ISSN (Print) - 0012-9976 | ISSN (Online) - 2349-8846

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Bereft of an Alternative Path

The CPI(M) explores a “third alternative” at its party congress, but what would this alternative be?

The red flags and arches, the posters of Marx, Engels and Lenin, and the banners calling upon the workers of the world to unite were all there in the textile manufacturing town of Coimbatore that was the venue of the 19th Congress of the Communist Party of India (Marxist) – the CPI(M) – which concluded on April 3. All the “red’ rituals notwithstanding, there was something so pivotal, so utterly essential that was absent – the articulation of an alternative path of development, a socialist-oriented strategic option that is distinctly different, indeed, in opposition to that espoused by the parties governing on behalf of India’s ruling classes. The CPI(M) has been in power uninterruptedly for 30 years at the head of a left front government in West Bengal. But, sadly, the people of this country do not seem to think that the state government has done things significantly differently or better than the state governments led by the “bourgeois” parties – in healthcare, education, habitat, in turning around the factories that have closed down or have been locked out, in alleviating poverty and hunger, and so on. Indeed, the pursuit of corporate-led industrialisation and special economic zones (SEZs) in West Bengal leading on to the tragic events in Nandigram has resulted in a serious crisis of party politics. But the CPI(M) congress does not seem to have come up with imaginative ways of dealing with the quandary, as also the various challenges confronting the party and the people.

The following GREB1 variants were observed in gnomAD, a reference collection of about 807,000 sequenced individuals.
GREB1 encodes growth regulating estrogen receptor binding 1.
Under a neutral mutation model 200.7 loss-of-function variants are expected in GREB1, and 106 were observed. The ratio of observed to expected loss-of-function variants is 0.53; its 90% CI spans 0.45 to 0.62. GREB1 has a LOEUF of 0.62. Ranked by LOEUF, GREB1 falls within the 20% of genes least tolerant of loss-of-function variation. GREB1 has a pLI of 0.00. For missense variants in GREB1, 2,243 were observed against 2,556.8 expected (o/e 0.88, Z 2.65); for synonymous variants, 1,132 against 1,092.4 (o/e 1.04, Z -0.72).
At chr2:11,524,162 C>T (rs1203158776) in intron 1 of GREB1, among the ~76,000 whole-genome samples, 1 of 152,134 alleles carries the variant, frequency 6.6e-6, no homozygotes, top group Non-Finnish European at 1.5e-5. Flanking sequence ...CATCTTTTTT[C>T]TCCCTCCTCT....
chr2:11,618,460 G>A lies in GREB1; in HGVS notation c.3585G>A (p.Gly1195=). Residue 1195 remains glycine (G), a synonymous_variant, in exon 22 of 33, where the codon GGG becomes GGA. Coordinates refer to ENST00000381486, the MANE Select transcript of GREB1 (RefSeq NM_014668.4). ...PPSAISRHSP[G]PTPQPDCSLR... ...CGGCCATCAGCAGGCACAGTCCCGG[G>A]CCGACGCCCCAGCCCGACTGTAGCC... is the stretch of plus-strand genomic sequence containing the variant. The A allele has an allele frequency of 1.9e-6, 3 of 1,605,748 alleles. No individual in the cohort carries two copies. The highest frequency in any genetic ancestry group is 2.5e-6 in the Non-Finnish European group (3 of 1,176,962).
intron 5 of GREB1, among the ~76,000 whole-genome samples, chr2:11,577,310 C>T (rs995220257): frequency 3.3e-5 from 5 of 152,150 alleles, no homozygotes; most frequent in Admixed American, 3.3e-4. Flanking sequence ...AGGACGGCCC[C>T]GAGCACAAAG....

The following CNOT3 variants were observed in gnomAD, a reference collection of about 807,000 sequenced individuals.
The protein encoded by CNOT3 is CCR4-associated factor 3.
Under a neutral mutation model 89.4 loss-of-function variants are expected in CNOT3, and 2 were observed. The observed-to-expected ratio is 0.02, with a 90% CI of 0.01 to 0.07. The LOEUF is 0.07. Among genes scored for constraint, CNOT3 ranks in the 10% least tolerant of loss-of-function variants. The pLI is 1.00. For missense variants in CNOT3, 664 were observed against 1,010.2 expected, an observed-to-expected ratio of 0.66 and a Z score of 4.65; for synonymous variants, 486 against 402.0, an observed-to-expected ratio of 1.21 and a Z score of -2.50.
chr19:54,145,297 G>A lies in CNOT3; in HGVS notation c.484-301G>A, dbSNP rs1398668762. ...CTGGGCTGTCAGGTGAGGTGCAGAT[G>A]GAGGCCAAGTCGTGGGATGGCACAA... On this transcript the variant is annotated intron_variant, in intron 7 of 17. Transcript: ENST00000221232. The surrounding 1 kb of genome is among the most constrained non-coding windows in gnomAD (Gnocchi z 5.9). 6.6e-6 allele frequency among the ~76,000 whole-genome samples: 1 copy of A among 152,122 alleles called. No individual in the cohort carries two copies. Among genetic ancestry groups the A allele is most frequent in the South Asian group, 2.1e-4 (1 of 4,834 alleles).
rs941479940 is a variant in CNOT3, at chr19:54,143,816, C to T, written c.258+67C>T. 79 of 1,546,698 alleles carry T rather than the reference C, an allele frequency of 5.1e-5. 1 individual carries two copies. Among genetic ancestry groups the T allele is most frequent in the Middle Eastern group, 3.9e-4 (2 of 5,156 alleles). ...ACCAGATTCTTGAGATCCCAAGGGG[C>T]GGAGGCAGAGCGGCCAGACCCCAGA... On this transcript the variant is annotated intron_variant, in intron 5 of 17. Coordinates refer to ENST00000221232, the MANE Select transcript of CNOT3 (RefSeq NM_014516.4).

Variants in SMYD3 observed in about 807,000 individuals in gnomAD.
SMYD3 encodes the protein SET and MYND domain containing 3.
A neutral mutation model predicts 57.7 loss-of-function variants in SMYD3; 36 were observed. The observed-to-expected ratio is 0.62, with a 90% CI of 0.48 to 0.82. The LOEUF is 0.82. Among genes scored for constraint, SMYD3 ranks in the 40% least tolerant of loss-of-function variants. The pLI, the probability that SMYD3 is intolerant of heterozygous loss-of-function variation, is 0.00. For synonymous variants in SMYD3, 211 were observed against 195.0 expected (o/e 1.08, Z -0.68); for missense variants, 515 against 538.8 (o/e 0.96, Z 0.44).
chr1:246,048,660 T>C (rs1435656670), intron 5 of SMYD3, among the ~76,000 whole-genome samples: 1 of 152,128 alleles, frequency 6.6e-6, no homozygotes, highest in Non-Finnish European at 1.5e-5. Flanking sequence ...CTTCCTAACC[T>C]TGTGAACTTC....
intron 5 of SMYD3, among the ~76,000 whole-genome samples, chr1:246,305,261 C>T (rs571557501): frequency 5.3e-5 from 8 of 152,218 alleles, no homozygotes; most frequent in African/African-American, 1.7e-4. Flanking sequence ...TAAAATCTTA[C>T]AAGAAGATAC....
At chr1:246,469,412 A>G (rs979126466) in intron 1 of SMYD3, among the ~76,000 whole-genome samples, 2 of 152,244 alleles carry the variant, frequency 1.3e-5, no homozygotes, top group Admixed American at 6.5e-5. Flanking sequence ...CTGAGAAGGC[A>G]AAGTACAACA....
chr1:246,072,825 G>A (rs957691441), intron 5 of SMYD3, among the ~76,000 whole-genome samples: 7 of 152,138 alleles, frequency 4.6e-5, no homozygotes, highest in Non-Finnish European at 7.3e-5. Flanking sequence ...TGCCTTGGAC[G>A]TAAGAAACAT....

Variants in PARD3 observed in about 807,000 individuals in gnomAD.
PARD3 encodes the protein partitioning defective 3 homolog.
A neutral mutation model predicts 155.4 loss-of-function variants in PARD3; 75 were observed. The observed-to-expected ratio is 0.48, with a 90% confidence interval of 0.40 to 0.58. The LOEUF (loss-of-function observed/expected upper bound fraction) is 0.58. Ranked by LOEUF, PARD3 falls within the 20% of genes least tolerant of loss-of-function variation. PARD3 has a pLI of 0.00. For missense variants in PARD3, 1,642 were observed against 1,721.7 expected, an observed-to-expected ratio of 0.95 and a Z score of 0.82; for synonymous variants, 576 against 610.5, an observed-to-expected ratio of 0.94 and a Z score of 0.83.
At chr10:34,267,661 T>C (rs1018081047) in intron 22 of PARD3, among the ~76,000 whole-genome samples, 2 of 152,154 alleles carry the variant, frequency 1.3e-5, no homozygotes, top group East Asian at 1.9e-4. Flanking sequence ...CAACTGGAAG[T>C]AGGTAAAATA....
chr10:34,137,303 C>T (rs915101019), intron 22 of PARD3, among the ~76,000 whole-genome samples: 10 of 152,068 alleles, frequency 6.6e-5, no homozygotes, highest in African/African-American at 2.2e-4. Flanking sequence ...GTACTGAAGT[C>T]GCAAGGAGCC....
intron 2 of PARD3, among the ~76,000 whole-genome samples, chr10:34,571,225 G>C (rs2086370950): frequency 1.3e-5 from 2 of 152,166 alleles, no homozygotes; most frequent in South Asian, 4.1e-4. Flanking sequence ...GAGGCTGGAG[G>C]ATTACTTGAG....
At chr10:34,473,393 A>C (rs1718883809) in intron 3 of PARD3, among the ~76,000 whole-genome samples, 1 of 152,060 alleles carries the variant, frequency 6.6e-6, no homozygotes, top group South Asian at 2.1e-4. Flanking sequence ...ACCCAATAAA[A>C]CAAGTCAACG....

Since May 2004, the CPI(M) has been propping up the Congressled United Progressive Alliance (UPA) government in power at the centre, in the bargain slowing the pace of neoliberal economic policies that the latter has sought to implement, and opposing the forging of a strategic partnership with Washington. But even as it has been stalling the worst from happening, the party has pursued pro-big business policies in West Bengal, going to the extent of resorting to violence to suppress peasants apprehending the takeover of their land for a SEZ in Nandigram and protesting such takeover for an automobile manufacturing complex in Singur. Indeed, there is a stark incongruity between the CPI(M)’s espousal of Marxism on the one hand and its role in government in implementing the agenda of big business in West Bengal on the other. Delegates from Tamil Nadu and Andhra Pradesh at the congress voiced their differences with the “Buddha line” (political backing for the pursuit of corporate-led industrialisation and SEZs, justified by Buddhadeb Bhattacharya, the state’s chief minister) but the party leaders sought to muffle a polarisation of views, going on to endorse that line. The CPI(M) had after all supported the SEZs legislation in Parliament in 2005.

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